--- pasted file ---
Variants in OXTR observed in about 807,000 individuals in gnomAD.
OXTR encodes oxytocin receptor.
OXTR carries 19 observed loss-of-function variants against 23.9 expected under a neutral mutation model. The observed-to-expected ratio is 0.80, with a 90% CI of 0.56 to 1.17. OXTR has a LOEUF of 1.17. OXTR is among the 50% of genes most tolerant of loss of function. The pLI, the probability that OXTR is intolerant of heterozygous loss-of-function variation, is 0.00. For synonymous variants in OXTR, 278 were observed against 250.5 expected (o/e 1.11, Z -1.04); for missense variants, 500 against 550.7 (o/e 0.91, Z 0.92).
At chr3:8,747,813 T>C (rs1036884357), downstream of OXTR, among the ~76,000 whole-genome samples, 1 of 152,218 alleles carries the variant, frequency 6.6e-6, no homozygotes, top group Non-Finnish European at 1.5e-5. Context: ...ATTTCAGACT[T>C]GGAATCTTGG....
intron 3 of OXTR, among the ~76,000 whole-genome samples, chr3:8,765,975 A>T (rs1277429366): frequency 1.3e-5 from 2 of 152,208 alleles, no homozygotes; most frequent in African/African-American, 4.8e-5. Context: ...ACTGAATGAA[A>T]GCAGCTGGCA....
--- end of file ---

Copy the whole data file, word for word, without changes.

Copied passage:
Variants in OXTR observed in about 807,000 individuals in gnomAD.
OXTR encodes oxytocin receptor.
OXTR carries 19 observed loss-of-function variants against 23.9 expected under a neutral mutation model. The observed-to-expected ratio is 0.80, with a 90% CI of 0.56 to 1.17. OXTR has a LOEUF of 1.17. OXTR is among the 50% of genes most tolerant of loss of function. The pLI, the probability that OXTR is intolerant of heterozygous loss-of-function variation, is 0.00. For synonymous variants in OXTR, 278 were observed against 250.5 expected (o/e 1.11, Z -1.04); for missense variants, 500 against 550.7 (o/e 0.91, Z 0.92).
At chr3:8,747,813 T>C (rs1036884357), downstream of OXTR, among the ~76,000 whole-genome samples, 1 of 152,218 alleles carries the variant, frequency 6.6e-6, no homozygotes, top group Non-Finnish European at 1.5e-5. Context: ...ATTTCAGACT[T>C]GGAATCTTGG....
intron 3 of OXTR, among the ~76,000 whole-genome samples, chr3:8,765,975 A>T (rs1277429366): frequency 1.3e-5 from 2 of 152,208 alleles, no homozygotes; most frequent in African/African-American, 4.8e-5. Context: ...ACTGAATGAA[A>T]GCAGCTGGCA....